“Drive? To Greece? Are you insane?!”
That used to be the stock reaction on hearing my answer to the time-honoured ‘what are you doing for a holiday this year’, usually followed by a disdainful look and the ‘what’s wrong with catching a ‘plane?’ comment.
But attitudes have certainly changed a bit. Suddenly, flying hither and thither at the drop of a sunhat is no longer considered to be quite what it was cracked-up to be, not now that so many of us have become scared stiff of spending a few hours sitting in a metal tube filled with other people’s re-cycled emissions.
Even newlyweds Princess Beatrice and Edo Mapelli Mozzi have abandoned the skies in favour, reportedly, of heading to France ‘in a small car, absolutely packed to the roof with stuff…’ How intrepidly romantic….
Possibly as a result of (previously) having to catch planes too often in order to carry out assignments for work, the charm of taking commercial flights is entirely lost on me and, whenever practical and for as long as I can remember, I have always preferred to drive or motorcycle to destinations in mainland Europe – and how far away they are has never bothered me in the slightest because, as the great round-the-world motorcyclist Ted Simon sagely observed “the interruptions ARE the journey….”
My most recent long-haul road trip took place towards the end of June as soon as the easing of lockdown allowed. Needing to collect an old car from the south of France and take it to Corfu (another story), I motorcycled to Montpellier, swapped bike for car, drove through Provence and the Luberon, crossed the Alps and northern Italy and caught the first passenger ferry for three months to run from Ancona to Igoumenitsa.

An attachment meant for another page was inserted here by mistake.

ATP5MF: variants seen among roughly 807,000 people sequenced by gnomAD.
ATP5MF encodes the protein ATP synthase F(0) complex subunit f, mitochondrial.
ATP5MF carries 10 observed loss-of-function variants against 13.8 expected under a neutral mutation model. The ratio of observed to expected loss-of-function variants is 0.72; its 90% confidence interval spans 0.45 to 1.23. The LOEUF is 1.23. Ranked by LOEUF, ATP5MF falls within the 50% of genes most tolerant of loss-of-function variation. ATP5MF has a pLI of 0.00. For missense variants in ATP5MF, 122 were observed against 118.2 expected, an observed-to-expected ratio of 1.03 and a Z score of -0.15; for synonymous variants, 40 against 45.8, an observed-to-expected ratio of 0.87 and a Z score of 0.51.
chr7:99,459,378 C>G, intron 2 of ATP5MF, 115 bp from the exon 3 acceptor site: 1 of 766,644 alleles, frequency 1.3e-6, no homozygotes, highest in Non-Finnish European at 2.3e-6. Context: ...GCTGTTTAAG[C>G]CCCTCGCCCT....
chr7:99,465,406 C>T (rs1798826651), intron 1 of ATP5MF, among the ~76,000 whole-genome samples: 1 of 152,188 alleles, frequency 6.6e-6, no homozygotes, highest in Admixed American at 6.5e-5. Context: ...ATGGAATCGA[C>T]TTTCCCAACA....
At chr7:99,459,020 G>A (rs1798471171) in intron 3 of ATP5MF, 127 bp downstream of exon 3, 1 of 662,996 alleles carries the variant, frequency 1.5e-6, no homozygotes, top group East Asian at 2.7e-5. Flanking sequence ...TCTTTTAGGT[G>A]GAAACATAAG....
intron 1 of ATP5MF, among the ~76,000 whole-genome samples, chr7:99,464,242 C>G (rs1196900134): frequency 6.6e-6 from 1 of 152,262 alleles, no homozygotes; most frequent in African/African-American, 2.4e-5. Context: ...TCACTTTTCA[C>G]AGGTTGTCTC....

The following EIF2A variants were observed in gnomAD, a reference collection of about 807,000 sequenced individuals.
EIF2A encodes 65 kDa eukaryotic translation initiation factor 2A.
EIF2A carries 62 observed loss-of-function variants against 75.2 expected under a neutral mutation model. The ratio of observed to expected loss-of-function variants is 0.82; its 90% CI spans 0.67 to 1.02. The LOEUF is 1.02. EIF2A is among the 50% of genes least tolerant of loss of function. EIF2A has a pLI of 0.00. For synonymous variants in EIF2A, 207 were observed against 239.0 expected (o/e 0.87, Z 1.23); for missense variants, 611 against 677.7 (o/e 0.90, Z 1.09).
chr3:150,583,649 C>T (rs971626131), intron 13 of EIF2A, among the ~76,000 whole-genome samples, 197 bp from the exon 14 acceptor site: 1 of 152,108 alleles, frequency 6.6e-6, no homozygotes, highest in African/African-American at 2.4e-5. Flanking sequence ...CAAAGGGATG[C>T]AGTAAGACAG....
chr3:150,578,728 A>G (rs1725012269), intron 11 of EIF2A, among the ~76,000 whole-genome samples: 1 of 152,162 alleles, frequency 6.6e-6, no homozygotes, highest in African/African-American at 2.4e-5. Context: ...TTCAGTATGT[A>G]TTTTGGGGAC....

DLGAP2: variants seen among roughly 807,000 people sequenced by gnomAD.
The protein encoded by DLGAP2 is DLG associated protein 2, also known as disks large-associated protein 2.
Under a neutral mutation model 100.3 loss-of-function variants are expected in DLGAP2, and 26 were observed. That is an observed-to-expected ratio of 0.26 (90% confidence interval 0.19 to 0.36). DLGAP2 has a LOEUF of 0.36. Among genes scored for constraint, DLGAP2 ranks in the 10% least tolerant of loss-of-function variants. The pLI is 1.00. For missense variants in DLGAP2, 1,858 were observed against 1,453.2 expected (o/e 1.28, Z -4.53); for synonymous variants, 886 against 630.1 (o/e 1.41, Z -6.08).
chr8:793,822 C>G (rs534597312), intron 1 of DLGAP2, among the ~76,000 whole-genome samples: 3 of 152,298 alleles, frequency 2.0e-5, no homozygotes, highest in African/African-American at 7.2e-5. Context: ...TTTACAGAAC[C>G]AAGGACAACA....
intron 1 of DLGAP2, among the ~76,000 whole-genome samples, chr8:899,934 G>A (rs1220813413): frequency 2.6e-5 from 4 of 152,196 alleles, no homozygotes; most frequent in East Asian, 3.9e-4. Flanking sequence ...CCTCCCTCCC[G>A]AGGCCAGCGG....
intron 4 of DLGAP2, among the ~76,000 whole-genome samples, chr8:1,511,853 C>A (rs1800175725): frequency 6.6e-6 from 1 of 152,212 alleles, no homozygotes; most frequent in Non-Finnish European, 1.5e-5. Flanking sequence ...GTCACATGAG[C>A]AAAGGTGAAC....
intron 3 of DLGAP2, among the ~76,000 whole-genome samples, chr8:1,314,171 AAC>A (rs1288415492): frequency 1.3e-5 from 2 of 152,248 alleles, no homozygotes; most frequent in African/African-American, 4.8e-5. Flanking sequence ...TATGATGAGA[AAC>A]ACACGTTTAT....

Despite travelling only on toll-free, mostly country roads (plus a 24 hour diversion to Agde to spend a day pumping-out a friend’s flooded boat) I made it from home in Devon to Greece in five easy and hugely enjoyable days, camping all the way in virtually deserted official sites that, partly due to the lack of people, were immaculately clean.
One thing this way of travelling does demand, however, is the luxury of time. One sure fire way to turn a pleasurable and relaxed road trip into an angst-ridden journey to hell (and back) is to try to cram it all in to a tight time frame that necessitates hours of high-speed driving on endless boring motorways and therefore missing all of the most attractive and interesting places to stop.
Another thing to consider avoiding is booking accommodation – it imposes a time and distance limit that eliminates spontaneity. Essential, however, is to begin the quest for somewhere to stay well in advance of dusk – no later, I would say, than 4 or 5pm. With a smartphone, GPS, a traditional map and a reputable guide (such as Sawday’s) it is seldom difficult to find a decent place to stay wherever you find yourself.
Perhaps most important, however, is to ensure that the people you intend to travel with fully appreciate the type of adventure you’re embarking on – if they’re the type, children or adults, who constantly ask ‘Are we nearly there yet?,’ you might want to consider leaving them behind….
And once you’ve chosen the right companions, all that’s left is to decide where to go. Here are six destinations to inspire, and the cars to go in.
1. The Medoc Vineyards in an Aston Martin DBX